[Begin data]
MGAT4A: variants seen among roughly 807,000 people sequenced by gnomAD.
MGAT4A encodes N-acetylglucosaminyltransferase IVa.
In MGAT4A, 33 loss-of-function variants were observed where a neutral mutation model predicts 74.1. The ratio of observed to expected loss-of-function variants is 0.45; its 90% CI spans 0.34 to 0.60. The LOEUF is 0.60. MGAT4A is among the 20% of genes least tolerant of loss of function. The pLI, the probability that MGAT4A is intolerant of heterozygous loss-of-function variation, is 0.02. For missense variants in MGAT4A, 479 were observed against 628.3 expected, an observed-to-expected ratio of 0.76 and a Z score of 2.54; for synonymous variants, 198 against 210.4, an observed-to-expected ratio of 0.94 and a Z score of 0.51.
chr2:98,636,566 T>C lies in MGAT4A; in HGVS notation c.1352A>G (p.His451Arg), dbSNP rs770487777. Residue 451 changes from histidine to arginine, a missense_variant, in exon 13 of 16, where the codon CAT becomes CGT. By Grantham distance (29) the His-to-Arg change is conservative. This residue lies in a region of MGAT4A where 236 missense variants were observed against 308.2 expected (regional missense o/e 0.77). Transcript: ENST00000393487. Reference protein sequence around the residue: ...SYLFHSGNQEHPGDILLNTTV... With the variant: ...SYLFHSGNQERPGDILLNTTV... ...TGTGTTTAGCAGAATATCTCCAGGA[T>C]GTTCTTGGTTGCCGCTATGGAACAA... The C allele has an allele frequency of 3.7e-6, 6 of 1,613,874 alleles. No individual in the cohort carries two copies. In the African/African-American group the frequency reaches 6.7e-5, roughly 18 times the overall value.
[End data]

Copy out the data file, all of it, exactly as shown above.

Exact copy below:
MGAT4A: variants seen among roughly 807,000 people sequenced by gnomAD.
MGAT4A encodes N-acetylglucosaminyltransferase IVa.
In MGAT4A, 33 loss-of-function variants were observed where a neutral mutation model predicts 74.1. The ratio of observed to expected loss-of-function variants is 0.45; its 90% CI spans 0.34 to 0.60. The LOEUF is 0.60. MGAT4A is among the 20% of genes least tolerant of loss of function. The pLI, the probability that MGAT4A is intolerant of heterozygous loss-of-function variation, is 0.02. For missense variants in MGAT4A, 479 were observed against 628.3 expected, an observed-to-expected ratio of 0.76 and a Z score of 2.54; for synonymous variants, 198 against 210.4, an observed-to-expected ratio of 0.94 and a Z score of 0.51.
chr2:98,636,566 T>C lies in MGAT4A; in HGVS notation c.1352A>G (p.His451Arg), dbSNP rs770487777. Residue 451 changes from histidine to arginine, a missense_variant, in exon 13 of 16, where the codon CAT becomes CGT. By Grantham distance (29) the His-to-Arg change is conservative. This residue lies in a region of MGAT4A where 236 missense variants were observed against 308.2 expected (regional missense o/e 0.77). Transcript: ENST00000393487. Reference protein sequence around the residue: ...SYLFHSGNQEHPGDILLNTTV... With the variant: ...SYLFHSGNQERPGDILLNTTV... ...TGTGTTTAGCAGAATATCTCCAGGA[T>C]GTTCTTGGTTGCCGCTATGGAACAA... The C allele has an allele frequency of 3.7e-6, 6 of 1,613,874 alleles. No individual in the cohort carries two copies. In the African/African-American group the frequency reaches 6.7e-5, roughly 18 times the overall value.